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Blake Swihart one of the most wanted players in baseball? Someone thinks so

Someone in the Cactus League really likes Blake Swihart.

Reinhold Matay-USA TODAY Sports

Lyle Spencer of put the question before "18 Major League executives and managers" among Cactus League teams: Which three players would you want to start a franchise?

Guess who won? Yes, it was Mike Trout. Somehow three executives did not include Trout on their lists, which has to mean that at least three of the executives were from the Angels because the executives weren't allowed to choose players from their own teams. But down at the bottom, with one vote (tying him, for the record, with Miguel Cabrera, Adam Jones, Corey Kluber, Corey Seager, and Carlos Correa) was Boston's own Blake Swihart.

That one vote, though, places Swihart on a list of only 15 different players to receive a nod. That's more than, say, Felix Hernandez or Chris Sale got. More than any of the hundreds of other players in the game, be they yearly MVP candidates or organizational guys in Double-A, save those other 14.

So does Swihart deserve to be there? Short answer: no.

For a longer answer...

Swihart isn't even ranked as a top-10 prospect in baseball by most, so it might seem exceptionally weird to see him on this list. And it is. But this isn't a question of the best players or best prospects. The question that was asked was "who would you want to start a franchise with?"

Blake Swihart isn't just a prospect, after all. He's a catching prospect. And one who is expected to excel both at the plate and behind it. It's difficult to find good catching in this league, and if you're doing it in free agency as a new franchise might have to, it's particularly difficult to find good catching without putting yourself in big risk of a terrible contract. Catchers usually don't hold up as long as other baseball players, after all. And by the time they hit free agency they've already put plenty of innings on their knees. But with competition still fierce for the best players at such a scarce position, teams still have to pony up plenty of dollars and years to sign anyone of note.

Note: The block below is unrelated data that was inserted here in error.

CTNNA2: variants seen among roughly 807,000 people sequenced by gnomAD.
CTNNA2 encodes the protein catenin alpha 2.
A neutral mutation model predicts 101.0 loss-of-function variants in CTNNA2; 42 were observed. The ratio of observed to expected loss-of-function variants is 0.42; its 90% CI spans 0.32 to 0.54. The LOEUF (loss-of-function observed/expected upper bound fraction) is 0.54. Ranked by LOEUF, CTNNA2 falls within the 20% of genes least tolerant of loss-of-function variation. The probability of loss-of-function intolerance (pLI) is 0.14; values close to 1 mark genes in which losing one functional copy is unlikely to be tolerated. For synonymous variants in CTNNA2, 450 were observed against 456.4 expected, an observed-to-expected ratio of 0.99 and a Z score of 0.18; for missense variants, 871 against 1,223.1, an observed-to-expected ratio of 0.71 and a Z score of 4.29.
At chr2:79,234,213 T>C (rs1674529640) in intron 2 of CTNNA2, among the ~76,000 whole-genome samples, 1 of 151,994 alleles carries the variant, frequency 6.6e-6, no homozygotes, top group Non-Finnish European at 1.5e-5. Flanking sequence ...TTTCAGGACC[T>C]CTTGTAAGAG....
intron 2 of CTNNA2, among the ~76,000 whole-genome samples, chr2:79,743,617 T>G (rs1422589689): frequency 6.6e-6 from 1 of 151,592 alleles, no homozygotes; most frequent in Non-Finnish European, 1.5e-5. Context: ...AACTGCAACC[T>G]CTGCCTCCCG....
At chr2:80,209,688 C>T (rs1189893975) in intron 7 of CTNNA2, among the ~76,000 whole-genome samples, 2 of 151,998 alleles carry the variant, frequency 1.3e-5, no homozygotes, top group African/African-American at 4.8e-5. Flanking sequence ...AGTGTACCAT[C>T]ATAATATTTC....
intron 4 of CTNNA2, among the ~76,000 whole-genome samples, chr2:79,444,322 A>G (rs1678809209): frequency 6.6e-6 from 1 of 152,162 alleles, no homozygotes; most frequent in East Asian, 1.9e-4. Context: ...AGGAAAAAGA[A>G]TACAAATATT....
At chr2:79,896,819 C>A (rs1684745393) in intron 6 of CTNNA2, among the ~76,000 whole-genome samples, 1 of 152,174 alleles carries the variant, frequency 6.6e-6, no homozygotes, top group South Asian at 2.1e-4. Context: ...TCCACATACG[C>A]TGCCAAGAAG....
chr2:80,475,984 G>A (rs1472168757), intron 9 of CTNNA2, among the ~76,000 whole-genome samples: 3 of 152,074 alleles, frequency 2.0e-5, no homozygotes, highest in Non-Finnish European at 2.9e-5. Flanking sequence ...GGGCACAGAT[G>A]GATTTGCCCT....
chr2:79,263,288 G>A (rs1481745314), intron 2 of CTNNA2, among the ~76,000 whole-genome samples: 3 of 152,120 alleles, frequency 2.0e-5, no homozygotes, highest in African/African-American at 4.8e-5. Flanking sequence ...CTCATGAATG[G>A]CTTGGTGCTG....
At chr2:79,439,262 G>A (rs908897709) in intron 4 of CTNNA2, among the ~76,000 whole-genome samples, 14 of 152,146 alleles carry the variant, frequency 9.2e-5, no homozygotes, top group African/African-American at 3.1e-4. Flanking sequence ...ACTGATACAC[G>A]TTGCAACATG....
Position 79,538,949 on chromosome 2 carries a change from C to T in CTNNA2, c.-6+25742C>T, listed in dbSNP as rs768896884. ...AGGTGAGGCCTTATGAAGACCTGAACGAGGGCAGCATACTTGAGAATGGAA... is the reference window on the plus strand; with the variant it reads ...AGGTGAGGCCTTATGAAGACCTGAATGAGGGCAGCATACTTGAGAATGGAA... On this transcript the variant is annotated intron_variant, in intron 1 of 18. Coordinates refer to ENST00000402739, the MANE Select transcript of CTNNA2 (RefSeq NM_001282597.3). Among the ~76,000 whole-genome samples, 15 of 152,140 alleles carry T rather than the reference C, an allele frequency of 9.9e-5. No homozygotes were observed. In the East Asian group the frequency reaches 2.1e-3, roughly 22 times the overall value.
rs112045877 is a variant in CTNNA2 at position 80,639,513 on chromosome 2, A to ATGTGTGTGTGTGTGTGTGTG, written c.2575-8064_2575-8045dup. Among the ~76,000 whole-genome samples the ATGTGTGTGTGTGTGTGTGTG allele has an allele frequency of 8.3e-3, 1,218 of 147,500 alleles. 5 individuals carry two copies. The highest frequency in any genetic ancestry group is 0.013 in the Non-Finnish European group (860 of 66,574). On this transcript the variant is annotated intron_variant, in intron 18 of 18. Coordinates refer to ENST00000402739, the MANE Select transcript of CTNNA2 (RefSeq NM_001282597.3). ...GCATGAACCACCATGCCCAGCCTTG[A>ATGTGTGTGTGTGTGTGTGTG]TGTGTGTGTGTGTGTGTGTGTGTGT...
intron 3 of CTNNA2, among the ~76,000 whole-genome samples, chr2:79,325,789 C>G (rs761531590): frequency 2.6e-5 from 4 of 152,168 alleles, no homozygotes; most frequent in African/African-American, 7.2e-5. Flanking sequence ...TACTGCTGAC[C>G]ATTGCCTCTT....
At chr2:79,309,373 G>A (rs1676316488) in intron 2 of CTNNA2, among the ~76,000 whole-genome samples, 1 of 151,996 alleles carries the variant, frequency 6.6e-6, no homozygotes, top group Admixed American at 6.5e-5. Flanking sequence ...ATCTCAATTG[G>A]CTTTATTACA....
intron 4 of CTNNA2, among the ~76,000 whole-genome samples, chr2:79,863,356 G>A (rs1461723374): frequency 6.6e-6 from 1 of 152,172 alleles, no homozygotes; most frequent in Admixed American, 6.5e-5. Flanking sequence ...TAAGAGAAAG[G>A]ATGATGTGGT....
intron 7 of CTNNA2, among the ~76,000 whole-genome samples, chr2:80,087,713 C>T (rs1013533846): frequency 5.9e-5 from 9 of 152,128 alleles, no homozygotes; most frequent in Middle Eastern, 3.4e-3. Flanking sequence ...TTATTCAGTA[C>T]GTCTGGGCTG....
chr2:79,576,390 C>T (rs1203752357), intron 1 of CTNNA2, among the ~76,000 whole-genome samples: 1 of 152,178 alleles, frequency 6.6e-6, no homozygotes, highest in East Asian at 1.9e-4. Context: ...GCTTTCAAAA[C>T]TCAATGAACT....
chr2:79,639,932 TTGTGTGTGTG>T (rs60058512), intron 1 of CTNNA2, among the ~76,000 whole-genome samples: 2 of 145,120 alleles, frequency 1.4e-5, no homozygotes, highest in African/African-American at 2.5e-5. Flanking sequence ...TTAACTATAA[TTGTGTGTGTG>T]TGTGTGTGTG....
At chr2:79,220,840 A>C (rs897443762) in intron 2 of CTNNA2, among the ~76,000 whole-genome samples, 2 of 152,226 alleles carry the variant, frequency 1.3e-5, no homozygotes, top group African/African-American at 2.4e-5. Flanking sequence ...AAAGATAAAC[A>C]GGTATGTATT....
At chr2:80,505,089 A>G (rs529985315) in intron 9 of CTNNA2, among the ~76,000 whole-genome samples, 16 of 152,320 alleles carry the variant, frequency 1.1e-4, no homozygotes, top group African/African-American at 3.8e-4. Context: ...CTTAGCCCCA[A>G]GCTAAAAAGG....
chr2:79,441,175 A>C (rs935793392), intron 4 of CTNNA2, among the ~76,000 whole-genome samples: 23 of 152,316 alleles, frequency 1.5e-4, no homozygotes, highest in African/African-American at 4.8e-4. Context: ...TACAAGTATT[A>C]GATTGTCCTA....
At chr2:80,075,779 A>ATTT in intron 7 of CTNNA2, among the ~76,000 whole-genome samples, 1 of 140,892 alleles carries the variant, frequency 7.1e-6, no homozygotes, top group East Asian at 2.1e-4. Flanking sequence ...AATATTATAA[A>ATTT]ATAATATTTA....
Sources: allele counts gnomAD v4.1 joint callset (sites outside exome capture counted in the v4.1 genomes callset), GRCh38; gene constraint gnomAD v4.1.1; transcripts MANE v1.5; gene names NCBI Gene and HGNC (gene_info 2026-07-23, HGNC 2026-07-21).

So it's not unreasonable to consider Swihart a slightly better pick for this particular "draft" when considering how bad that particular market can get. But that still doesn't cover the massive gap between Swihart and a proven high-quality Major League player. There's just so much more risk involved with a player like Swihart who has yet to escape the minors than in a player like, say, Josh Donaldson, Anthony Rendon, or Chris Sale. All three have already had big seasons in the majors, and all three are cost controlled until at least 2019.

There's an argument to be made for not starting a franchise with a player like Felix Hernandez, who already costs an arm and a leg. This is particularly true if you consider it unlikely for a new franchise to succeed for a few years. But when we're talking about the difference between Swihart entering his first year of arbitration and Chris Sale being on a $13.5 million option, the fact that Swihart will only get to that point if he clears the significant hurdle of transitioning to the majors more than covers the difference.

I don't know who that one executive is who voted for Swihart. And before you start shouting about Ruben Amaro Jr., know that the Phillies play down in Florida, like the Red Sox. But whoever he is, the Red Sox might consider tracking him down and hoping against hope that he's got the power to send them one of those players who really should be taken first. Nothing against Blake Swihart, but he's not completely untouchable. Not if he's being viewed as one of the three most valuable players in the game.